What to do if your child is choking is a guest post by Sarah Hunstead at CPR Kids.
Introducing solids to your baby is a significant milestone in every family’s journey. It can be a fun and fabulously messy experience. However it often brings one of the most common parenting fears to the forefront – what do you do if your child is choking?
Firstly, you need to be aware that choking and gagging are not the same. Choking is a medical emergency, when an object (anything that can fit into an old-school film canister!) blocks the airway (breathing tubes) either completely or partially. Different from choking, gagging is completely normal – the gag reflex helps prevent choking. So how do you tell the difference?
A child who is gagging may cough, turn red in the face, have watery eyes, and their tongue may push out the offending bit of food, or they may have a small vomit. The key is that your child won’t be too distressed by this, they will gag and then happily keep eating. A child who is choking will look scared. They may have an ineffective cough or be silent, and if the object isn’t cleared quickly, they will start to turn blue. They need your help very quickly!
What to do if your child is choking
When it comes to choking, here are 4 essential things you need to know:
1. Chop up the grapes (and sausages too)!
A child’s airway (breathing tubes) are smaller than an adult’s. This makes them more susceptible to getting objects stuck. A grape is the perfect size to lodge in a child’s airway, and are incredibly difficult to get out once stuck. Always chop up the grapes into quarters when giving them to your little one, or just squish them with your fingers. As long as they are no longer circular they are less likely to get stuck. Don’t forget to chop the cherry tomatoes too, and avoid cutting the sausages into circles, chop them into batons instead.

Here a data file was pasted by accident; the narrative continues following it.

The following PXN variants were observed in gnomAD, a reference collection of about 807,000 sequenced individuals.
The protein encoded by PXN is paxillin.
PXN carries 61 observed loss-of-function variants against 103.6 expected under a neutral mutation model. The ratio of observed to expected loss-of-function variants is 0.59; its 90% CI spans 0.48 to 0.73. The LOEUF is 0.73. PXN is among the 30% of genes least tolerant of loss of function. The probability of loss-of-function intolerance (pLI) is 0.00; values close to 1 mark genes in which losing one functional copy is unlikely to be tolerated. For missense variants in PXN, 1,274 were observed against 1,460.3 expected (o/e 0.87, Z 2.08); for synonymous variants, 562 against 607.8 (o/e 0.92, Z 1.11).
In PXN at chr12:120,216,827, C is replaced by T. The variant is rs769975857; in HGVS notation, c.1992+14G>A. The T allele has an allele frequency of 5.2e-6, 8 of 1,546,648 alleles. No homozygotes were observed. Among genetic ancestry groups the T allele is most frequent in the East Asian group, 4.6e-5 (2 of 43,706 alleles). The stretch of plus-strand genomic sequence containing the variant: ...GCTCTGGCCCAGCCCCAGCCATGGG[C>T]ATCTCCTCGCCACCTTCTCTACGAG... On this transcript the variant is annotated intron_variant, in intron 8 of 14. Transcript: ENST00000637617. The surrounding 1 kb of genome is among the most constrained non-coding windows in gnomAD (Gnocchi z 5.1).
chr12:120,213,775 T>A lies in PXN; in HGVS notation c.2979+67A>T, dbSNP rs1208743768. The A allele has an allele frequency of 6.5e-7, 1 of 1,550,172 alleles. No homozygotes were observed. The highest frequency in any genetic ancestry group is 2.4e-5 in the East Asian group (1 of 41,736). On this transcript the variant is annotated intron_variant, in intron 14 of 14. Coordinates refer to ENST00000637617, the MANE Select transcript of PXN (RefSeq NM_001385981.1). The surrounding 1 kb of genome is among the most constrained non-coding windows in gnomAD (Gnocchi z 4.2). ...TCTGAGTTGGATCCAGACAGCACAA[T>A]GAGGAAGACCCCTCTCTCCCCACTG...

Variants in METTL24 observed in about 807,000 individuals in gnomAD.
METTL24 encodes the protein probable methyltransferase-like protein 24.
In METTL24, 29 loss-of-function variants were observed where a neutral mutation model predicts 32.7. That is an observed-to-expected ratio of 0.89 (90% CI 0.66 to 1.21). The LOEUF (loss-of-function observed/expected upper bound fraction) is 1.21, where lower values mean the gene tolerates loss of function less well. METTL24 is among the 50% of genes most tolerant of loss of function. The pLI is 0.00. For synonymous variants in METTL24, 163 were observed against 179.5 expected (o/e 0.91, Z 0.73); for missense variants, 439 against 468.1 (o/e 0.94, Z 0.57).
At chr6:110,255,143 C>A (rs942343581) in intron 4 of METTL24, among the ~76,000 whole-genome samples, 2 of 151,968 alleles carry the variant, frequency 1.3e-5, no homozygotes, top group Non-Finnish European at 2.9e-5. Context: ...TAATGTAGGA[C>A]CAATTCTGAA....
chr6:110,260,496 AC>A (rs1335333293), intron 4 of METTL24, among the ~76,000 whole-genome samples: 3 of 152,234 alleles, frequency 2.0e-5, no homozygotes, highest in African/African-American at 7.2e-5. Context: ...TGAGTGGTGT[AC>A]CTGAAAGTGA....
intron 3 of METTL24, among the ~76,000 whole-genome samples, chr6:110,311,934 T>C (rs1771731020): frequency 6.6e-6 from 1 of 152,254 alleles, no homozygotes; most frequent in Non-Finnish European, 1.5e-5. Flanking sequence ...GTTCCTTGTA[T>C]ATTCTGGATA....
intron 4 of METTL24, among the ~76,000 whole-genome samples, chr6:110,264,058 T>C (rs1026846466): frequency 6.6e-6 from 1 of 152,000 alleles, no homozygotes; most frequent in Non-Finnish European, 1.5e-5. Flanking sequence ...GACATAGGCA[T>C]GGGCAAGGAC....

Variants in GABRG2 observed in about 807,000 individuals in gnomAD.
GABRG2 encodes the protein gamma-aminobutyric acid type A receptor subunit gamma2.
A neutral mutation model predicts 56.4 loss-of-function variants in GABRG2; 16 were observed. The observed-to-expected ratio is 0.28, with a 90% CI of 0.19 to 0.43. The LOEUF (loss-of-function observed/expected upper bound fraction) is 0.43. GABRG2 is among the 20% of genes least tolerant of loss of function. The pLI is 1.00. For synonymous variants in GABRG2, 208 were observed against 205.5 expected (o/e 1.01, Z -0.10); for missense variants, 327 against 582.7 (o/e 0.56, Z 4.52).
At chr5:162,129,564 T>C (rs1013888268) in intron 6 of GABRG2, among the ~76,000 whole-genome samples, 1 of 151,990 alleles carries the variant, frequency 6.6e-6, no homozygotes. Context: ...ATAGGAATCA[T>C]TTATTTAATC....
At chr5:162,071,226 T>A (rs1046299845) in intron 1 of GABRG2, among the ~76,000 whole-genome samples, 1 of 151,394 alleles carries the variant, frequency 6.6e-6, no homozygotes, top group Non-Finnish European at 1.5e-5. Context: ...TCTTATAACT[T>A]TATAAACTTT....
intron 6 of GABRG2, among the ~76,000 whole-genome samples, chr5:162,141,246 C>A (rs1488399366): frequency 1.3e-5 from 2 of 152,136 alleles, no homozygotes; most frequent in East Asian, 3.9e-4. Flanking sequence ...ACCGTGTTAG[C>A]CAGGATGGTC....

2. Sit down to eat
Good luck with this if you have a toddler. You need the skills of a highly trained negotiator to keep a toddler at the table, however running around with food does pose a risk of inhaling the contents of their mouth. Make it a rule in your house that when eating, your little one must be on their bottom. You child will be more likely to stay put if you are sitting there too, so use the time to talk and connect together over the meal – a great habit to get into especially as they get older!
3. Stay where you can see them
Even though it may be tempting to have a quick shower or get something done in another room when your child is occupied eating (and strapped into the high chair to prevent escape), stay with them. Choking can be silent, so always stay where you can see them.
4. Know what to do if your child is choking
Most importantly, know what to do if your child does choke. Click on the link below to watch the CPR Kids video on the first aid for the choking child.
Don’t attempt to do abdominal thrusts (Heimlich manoeuvre) on a child, use back blows and chest thrusts as shown in the video. Remember, gagging is completely normal, choking is not.
Even though we can try and prevent accidents such as choking, it can still happen! We can’t wrap our children in cotton wool, and nor should we want to – they need to explore the world. However, following these simple tips can help prevent choking in your child, and most importantly, make sure you know the first aid care, just in case.
Learn what to do with the CPR Kids paediatric nurses and midwives: www.cprkids.com.au
About the author
Sarah Hunstead RN (B Nurs) MN is a Paediatric Nurse, a mother of two and Founding Director of CPR Kids.
Sarah has over 14 years experience in Paediatric Emergency Nursing, and is continually amazed by the things that children will get up to. With a love of lifelong learning, Sarah has a Masters Degree in Clinical Practice, and founded CPR Kids (her third baby after the 2 human ones) in 2012.
CPR Kids empowers families and carers of children to recognise and respond to their sick or injured child, with confidence. A life. A finger. A pea up a nose. A practical guide to baby and child first aid is Sarah’s first book. The title was inspired by her youngest daughter, who decided it would be a good idea to put a pea in her nostril. Sarah lives in Sydney with her husband and 2 daughters.
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